(Reviewed by JD Jung)
“Does helping the devil make you a devil too? That is, while defending Ted Bundy did I somehow absorb evil?”
Many question the motives of attorneys like John Henry Browne as to why they agree to defend serial killers such as the notorious Ted Bundy. Is it for fame, money or ego; or is it really a commitment that everyone, —no matter how evil, or how atrocious the crime— deserves a fair trial? If the suspect is found not guilty or is released on bail and commits another crime, is the attorney partially to blame?
These questions come to the forefront as John Henry Browne writes about his cases as a criminal defense attorney. Some defendants have little chance of acquittal, so his aim is to persuade the court from issuing the death penalty.
Brown didn’t just defend serial killers, but also killers who were victims, themselves. Many were abused women who had finally had enough.
How about the soldier suffering from PTSD who finally snapped after four deployments to Afghanistan? Sixteen innocent civilians, mostly women and children, were murdered. Why shouldn’t the U.S. military take some responsibility for not treating a soldier who they knew was mentally ill? He also talks about the “stacked deck” of military tribunal justice.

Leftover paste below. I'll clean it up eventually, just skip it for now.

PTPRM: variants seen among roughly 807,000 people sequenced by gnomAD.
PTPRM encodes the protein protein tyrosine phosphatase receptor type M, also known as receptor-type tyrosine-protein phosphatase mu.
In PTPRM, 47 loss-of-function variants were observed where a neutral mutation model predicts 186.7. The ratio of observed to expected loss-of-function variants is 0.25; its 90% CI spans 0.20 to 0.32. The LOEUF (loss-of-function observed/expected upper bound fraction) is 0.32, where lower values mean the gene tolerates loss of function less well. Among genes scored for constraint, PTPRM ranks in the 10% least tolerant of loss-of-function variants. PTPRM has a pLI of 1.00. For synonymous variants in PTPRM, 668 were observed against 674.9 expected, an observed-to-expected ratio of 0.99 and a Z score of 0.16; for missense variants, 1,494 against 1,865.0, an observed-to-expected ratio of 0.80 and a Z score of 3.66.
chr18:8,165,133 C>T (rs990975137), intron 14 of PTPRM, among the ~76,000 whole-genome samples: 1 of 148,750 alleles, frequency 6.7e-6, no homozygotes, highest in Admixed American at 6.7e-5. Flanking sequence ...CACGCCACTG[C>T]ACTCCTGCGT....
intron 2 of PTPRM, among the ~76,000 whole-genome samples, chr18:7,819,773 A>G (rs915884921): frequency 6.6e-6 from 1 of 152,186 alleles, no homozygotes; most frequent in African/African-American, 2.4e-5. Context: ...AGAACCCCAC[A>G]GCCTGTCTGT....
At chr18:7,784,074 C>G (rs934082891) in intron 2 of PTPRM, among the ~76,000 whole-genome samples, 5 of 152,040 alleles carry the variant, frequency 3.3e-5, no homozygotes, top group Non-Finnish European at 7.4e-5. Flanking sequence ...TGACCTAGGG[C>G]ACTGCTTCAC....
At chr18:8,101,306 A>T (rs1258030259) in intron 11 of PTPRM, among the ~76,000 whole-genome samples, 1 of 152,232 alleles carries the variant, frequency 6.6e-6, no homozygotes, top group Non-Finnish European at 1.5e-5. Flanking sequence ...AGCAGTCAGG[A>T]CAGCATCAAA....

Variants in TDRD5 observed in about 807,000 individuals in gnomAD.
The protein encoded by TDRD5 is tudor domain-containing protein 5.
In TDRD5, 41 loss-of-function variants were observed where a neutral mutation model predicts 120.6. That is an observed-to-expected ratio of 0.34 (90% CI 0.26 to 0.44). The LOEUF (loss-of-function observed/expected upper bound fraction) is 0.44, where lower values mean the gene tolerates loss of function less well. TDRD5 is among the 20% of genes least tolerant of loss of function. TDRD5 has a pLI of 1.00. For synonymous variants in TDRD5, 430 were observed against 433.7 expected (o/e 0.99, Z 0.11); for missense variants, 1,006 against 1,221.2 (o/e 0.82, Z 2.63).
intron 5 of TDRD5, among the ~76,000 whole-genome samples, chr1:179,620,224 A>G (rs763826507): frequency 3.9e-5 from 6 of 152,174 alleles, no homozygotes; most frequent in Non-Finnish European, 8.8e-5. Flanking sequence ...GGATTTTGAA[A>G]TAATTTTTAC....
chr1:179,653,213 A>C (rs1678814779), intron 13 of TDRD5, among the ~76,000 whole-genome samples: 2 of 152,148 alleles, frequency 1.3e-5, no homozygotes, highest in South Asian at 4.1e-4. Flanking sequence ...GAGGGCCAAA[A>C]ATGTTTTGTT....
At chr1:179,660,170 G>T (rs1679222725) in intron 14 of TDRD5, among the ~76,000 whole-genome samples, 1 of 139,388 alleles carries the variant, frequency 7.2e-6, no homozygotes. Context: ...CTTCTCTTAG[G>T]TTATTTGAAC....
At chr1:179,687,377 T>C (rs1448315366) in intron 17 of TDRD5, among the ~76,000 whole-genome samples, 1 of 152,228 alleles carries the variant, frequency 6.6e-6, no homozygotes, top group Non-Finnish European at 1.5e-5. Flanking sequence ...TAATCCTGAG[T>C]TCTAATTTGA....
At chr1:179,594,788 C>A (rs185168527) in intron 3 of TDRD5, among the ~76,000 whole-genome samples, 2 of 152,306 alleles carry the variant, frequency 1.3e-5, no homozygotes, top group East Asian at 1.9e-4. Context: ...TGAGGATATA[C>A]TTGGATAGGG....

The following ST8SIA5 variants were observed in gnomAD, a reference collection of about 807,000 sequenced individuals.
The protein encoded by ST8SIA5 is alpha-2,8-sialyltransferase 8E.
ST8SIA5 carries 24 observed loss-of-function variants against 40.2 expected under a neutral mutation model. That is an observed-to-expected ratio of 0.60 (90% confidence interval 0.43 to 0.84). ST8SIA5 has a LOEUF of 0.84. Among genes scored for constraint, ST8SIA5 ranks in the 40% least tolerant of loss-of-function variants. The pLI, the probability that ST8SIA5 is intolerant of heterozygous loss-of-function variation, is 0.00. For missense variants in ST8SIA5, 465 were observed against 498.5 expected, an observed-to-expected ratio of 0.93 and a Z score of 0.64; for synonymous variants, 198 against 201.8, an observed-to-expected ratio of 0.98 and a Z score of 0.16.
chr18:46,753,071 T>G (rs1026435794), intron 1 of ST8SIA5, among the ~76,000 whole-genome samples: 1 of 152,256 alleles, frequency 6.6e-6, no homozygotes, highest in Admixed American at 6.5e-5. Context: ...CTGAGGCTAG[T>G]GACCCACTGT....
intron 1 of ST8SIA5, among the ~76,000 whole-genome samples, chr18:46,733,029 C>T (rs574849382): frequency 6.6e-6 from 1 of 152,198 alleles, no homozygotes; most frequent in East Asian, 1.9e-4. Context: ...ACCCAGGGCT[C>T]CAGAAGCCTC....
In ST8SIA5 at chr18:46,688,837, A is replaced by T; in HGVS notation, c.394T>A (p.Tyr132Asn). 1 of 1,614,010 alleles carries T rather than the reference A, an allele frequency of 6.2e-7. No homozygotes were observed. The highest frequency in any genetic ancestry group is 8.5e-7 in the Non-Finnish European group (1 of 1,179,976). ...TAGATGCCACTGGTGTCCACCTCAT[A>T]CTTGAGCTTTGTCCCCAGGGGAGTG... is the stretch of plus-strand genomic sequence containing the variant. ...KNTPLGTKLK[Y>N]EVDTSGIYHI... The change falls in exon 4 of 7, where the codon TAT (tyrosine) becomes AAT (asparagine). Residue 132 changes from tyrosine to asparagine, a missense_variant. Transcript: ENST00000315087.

Though I decided to read The Devil’s Defender because of the subject of Ted Bundy, the book is actually a memoir. After treating the reader to the bait of a little Bundy, Browne goes into his early life. I must admit I almost closed the book and put it away for good during the first part. I have read so many baby boomer autobiographies and this one really wasn’t that different—except for the part about possibly dropping acid in Spiro Agnew’s cocktail. That was nice.
I’m glad I hung in there though, as Browne’s life story helped to explain why he thinks the way he does.
And yes, he got back to Bundy, and other fascinating cases, as well as attempting to go into the minds of these killers. An added bonus are more letters to him from Ted Bundy. Just as interesting though, is that he exposes the corruption of the criminal justice system.
If you are vehemently pro-death penalty, you may not appreciate this book. Then again, it’s worth hearing his side. I’m on the fence on that issue. However, I’m decidedly pro reading The Devil’s Defender for those interested in crime thrillers… the real ones.